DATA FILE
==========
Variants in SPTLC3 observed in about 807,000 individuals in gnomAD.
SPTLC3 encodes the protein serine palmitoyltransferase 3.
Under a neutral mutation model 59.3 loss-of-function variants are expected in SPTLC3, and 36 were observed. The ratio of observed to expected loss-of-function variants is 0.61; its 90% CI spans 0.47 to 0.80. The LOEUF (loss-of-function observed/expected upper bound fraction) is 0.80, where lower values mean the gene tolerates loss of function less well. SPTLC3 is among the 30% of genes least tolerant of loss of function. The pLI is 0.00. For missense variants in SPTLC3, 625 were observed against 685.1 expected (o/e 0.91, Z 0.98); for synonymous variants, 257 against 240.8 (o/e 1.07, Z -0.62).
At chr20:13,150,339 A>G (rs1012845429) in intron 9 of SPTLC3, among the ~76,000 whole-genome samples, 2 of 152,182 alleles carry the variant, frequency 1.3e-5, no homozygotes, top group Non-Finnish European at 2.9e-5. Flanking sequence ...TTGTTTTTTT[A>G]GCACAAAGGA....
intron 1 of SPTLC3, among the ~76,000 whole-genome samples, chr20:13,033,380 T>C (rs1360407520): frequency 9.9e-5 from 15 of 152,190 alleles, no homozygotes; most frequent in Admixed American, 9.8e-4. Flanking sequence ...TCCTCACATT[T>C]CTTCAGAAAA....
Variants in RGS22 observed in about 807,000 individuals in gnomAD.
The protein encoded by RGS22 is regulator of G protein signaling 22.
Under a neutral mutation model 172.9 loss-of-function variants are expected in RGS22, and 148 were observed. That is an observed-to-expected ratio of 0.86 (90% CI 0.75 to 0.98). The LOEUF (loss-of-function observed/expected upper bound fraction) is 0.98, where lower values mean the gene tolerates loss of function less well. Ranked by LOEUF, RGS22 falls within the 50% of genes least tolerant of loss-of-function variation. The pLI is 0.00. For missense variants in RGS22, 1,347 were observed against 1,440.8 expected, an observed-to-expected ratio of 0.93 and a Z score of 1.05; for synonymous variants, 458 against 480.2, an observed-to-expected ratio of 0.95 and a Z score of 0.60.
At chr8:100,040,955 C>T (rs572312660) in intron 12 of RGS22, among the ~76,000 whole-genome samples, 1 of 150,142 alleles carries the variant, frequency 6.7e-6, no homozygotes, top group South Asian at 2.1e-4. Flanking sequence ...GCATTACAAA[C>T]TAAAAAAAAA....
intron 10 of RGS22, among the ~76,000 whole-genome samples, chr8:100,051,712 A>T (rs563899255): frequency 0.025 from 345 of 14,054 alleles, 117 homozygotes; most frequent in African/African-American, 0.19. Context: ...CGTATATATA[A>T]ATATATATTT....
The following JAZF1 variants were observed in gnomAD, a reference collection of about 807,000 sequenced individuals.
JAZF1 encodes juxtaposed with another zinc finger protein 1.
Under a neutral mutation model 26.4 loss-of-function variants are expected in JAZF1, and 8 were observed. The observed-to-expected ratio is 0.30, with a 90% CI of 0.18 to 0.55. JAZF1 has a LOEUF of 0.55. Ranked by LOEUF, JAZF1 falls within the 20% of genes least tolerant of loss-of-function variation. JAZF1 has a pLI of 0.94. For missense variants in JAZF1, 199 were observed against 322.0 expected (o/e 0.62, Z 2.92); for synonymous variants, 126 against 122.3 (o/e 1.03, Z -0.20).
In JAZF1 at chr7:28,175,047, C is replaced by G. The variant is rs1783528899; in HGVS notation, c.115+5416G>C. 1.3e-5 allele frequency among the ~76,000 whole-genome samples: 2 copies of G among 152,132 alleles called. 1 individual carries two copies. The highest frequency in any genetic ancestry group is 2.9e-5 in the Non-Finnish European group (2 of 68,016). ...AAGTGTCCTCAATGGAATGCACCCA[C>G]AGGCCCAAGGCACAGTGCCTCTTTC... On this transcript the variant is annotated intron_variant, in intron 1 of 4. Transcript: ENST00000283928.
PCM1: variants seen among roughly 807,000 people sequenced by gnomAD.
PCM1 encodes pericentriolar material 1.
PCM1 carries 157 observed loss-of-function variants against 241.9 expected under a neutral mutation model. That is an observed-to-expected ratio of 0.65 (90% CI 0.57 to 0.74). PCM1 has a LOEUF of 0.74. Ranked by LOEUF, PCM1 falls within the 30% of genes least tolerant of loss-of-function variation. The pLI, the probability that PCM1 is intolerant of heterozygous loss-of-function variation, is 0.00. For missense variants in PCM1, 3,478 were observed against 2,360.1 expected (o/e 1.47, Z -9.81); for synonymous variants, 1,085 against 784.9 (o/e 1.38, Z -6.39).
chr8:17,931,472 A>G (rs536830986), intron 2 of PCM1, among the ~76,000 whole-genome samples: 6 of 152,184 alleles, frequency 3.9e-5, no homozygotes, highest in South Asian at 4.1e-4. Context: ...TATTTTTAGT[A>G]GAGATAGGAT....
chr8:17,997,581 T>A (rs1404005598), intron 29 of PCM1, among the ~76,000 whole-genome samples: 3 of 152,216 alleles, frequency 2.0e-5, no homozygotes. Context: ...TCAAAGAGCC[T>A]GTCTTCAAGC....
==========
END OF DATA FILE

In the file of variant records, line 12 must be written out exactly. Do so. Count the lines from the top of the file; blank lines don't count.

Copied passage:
JAZF1 encodes juxtaposed with another zinc finger protein 1.